Legacy of Sybil Atteck unveiled at Canadian gallery

Sybil Atteck’s 1954 oil painting, Bélé Dancers. Photos courtesy Keith Atteck. -
Sybil Atteck’s 1954 oil painting, Bélé Dancers. Photos courtesy Keith Atteck. -

At a time when women were expected to get married, have children and take care of a home, the late Trinidadian artist Sybil Atteck decided to instead pursue her passion and became one of the few professional artists in Trinidad and Tobago.

Atteck’s work, collected and catalogued by her nephew Keith Atteck, is on display at The Art Gallery of Burlington in Canada until January 7, 2024 in the exhibition titled Sybil Atteck: A Legacy Unveiled.

“You can imagine the journey to becoming a professional artist in the 1930s, 40s, 50s, when there was no professional artists in Trinidad, where women were not expected to do that kind of role or job. The expectations of a young woman in those days were very different than it is today. So she was breaking through social and economic barriers in order to take on something that was her passion,” said Keith about his aunt.

Keith Atteck with one of Sybil Atteck's paintings. -

He noted that Atteck never married or had children but pursued art from the time she left secondary school. She received the Chaconia Medal (gold) in 1973 but was too ill to accept it personally. She eventually died of cancer in 1975.

Sybil Atteck: A Legacy Unveiled has more than 40 pieces of Atteck’s art as well as artifacts such as sketches, letters, photographs, and catalogues.

“The self-portrait that is featured as the hero painting of this exhibition of Sybil from 1973 was her last self-portrait. It was her leaving herself, essentially, for the people of TT to see.”

He said the exhibition was limited to the chosen pieces as he and the curator did not want the audience to feel overwhelmed. However, they wanted to represent the various styles and media Atteck used including still life, portrait and landscape drawings, sculpture and paintings in post-impressionist, modernism and cubism styles using ceramic, watercolour, oils, acrylic, crayons, black and whites, with ink wash, pen and pencil, and more.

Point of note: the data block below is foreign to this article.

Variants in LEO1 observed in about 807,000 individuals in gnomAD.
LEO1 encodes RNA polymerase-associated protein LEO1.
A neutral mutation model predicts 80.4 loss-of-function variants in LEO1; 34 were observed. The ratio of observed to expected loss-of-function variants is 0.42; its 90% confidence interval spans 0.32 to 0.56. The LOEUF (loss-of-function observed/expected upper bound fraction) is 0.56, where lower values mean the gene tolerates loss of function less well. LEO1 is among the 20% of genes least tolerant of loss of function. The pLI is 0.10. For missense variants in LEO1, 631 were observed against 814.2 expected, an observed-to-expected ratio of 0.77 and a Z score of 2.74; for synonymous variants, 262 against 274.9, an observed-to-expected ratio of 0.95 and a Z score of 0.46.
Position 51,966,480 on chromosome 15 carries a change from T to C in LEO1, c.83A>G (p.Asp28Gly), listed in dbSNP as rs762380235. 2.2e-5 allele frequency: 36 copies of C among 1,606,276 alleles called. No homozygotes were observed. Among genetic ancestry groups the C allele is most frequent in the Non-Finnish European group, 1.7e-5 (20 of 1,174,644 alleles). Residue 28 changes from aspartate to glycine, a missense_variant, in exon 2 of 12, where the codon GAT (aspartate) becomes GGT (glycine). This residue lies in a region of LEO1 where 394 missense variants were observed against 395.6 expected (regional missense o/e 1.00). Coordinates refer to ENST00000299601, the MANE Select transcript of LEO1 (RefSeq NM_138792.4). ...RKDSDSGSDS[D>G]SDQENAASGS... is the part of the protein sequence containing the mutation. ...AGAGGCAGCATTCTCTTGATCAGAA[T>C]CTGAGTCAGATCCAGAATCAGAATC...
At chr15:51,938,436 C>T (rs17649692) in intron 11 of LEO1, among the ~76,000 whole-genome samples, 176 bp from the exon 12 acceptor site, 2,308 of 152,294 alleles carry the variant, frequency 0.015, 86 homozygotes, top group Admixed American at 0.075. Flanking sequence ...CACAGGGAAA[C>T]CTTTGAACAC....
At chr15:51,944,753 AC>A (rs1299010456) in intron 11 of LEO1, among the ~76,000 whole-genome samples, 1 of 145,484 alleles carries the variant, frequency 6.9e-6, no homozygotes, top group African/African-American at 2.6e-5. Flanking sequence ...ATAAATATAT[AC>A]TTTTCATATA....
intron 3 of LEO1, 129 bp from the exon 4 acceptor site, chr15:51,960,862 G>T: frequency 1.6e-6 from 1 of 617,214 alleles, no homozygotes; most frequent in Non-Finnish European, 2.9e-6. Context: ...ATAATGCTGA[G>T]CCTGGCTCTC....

“She made a point in several newspaper articles about art being a language where we vocalise things. In terms of how she evolved as a person and an artist in her lifetime, I have managed to come up with ten different artistic periods in her life. And they were influenced greatly by her own personal experience, the education and training that she had and her explorations as an artist through time.

The cover of the Sybil Atteck: A Legacy Unveiled exhibition booklet showing the last self-portrait by Sybil Atteck in 1973. -

“I can track her evolution. I could see that she was continuously exploring, she never stopped exploring, what art can be and she also changed media throughout her life.”

Keith’s deep dive into Atteck’s work began in 2018 when his mother and Atteck’s sister-in-law, Helen Atteck, invited him to her home to figure out the authenticity of a painting said to be by Atteck.

The late Trinidadian artist Sybil Atteck. Photos courtesy Keith Atteck. -

“I came to a realisation that she (Helen) was 84 years old. And I'm saying to myself, ‘If I'm going to be the family member to represent Atteck’s estate going forward, I had better do something about it,’ because I could not identify and authenticate and describe Sybil’s artworks to anybody at that point in time.”

Living in Burlington, Canada, Keith started researching Atteck’s story and her art as well as his family’s history in TT. He spoke to his mother extensively about both and used her stories to validate the information through research.

He said his parents had done research into the family history from China to Trinidad. Therefore he documented the moment his great-grandfather arrived in TT in 1862 as an indentured labourer through the generations to Atteck.

Part of the Sybil Atteck: A Legacy Unveiled at The Art Gallery of Burlington, Canada. -

“So the idea being is Sybil is not just an artist. She didn't come out of nowhere. She came out of the history of Trinidad's Chinese indentured labour programme through her grandfather and then into cocoa.”

He learned Atteck was born in Tableland but, when she was about 18 months old, the family moved to Rio Claro where her father had a cocoa estate. When she was 12 years old, her parents decided to stop homeschooling their eldest children and moved to Port of Spain where Atteck attended St Rose's Intermediate School then Bishop Anstey Girls’ High School.